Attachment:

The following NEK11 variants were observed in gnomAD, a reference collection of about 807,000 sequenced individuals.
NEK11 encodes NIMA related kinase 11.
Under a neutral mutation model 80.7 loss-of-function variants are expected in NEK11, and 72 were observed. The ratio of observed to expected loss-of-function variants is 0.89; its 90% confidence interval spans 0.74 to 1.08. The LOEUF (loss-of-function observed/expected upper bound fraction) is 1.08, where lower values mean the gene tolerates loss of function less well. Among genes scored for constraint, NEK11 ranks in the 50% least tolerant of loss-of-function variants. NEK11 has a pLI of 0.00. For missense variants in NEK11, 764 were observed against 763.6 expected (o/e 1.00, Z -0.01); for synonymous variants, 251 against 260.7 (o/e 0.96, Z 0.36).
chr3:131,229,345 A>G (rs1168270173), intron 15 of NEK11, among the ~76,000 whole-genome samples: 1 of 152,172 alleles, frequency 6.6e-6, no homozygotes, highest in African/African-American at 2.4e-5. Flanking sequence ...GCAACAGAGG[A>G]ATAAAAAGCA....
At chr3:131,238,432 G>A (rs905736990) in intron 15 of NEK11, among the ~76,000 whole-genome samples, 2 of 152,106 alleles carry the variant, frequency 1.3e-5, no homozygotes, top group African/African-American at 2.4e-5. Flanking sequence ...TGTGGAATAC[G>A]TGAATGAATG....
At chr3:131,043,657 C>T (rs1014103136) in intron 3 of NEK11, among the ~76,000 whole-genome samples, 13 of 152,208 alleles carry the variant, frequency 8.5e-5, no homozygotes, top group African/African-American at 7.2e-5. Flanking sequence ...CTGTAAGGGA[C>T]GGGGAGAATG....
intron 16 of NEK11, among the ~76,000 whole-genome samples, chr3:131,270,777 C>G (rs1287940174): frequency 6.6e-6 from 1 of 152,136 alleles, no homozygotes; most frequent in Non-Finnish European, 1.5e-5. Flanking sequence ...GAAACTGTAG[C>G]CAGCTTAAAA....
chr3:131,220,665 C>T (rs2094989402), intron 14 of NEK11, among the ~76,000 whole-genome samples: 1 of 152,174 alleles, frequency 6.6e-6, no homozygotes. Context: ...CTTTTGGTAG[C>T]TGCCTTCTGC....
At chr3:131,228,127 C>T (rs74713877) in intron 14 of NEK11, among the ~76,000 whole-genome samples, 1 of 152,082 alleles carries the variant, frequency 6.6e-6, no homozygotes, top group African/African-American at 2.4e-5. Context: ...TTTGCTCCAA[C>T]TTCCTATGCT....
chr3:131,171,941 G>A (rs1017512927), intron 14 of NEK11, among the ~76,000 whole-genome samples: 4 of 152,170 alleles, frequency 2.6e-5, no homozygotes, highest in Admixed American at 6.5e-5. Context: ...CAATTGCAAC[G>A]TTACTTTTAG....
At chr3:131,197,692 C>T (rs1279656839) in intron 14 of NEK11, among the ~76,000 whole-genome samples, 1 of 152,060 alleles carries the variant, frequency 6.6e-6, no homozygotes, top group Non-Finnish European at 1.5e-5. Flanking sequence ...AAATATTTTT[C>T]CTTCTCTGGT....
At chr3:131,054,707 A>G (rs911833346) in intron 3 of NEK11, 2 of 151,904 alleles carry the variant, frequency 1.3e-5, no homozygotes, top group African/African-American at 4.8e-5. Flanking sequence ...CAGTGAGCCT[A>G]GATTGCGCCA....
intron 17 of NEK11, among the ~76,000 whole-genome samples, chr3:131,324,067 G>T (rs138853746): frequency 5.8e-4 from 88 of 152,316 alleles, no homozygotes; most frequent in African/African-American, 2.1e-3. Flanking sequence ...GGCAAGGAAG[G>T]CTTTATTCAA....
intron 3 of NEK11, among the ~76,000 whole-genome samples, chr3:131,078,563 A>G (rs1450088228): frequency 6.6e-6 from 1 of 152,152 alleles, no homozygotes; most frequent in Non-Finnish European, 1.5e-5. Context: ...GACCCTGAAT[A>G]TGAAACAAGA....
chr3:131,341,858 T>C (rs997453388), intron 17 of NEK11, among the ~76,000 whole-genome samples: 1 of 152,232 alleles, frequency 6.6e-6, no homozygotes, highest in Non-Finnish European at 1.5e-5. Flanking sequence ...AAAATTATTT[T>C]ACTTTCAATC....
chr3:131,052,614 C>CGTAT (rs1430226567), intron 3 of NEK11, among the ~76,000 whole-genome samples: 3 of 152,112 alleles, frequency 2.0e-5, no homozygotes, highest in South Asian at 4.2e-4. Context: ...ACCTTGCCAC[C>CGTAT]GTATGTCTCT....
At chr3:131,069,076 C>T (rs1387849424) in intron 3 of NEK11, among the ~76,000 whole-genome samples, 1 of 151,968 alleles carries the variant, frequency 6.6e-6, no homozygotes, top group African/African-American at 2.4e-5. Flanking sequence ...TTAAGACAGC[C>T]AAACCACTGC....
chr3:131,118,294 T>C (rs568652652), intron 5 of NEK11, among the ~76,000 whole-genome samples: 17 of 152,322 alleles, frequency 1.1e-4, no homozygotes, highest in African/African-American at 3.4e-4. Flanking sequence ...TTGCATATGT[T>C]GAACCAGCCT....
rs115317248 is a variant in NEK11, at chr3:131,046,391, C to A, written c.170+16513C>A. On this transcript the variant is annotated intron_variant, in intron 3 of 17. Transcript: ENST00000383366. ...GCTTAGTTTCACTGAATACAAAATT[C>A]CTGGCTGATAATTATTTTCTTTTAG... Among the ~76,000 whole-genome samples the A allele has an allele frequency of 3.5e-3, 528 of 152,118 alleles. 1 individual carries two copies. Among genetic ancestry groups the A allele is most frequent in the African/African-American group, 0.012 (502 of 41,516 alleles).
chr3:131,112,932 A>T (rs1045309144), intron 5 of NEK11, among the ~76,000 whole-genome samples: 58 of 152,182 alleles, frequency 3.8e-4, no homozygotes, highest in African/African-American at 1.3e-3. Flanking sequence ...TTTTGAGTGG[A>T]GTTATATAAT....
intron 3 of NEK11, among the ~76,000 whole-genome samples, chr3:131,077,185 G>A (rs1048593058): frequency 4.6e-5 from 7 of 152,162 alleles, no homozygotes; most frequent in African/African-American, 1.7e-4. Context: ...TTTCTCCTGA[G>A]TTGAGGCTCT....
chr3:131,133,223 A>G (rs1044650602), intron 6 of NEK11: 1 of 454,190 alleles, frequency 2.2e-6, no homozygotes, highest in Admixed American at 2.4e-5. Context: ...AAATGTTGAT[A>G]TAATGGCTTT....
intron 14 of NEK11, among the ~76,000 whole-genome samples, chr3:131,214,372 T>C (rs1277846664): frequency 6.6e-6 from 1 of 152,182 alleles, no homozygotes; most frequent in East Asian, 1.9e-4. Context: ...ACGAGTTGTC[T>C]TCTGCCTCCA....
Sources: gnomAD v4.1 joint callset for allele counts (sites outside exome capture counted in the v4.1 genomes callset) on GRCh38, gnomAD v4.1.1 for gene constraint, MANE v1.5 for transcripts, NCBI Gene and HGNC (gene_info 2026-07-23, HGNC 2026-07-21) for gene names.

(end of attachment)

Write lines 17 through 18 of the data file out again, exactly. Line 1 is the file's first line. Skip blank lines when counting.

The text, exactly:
At chr3:131,069,076 C>T (rs1387849424) in intron 3 of NEK11, among the ~76,000 whole-genome samples, 1 of 151,968 alleles carries the variant, frequency 6.6e-6, no homozygotes, top group African/African-American at 2.4e-5. Flanking sequence ...TTAAGACAGC[C>T]AAACCACTGC....
chr3:131,118,294 T>C (rs568652652), intron 5 of NEK11, among the ~76,000 whole-genome samples: 17 of 152,322 alleles, frequency 1.1e-4, no homozygotes, highest in African/African-American at 3.4e-4. Flanking sequence ...TTGCATATGT[T>C]GAACCAGCCT....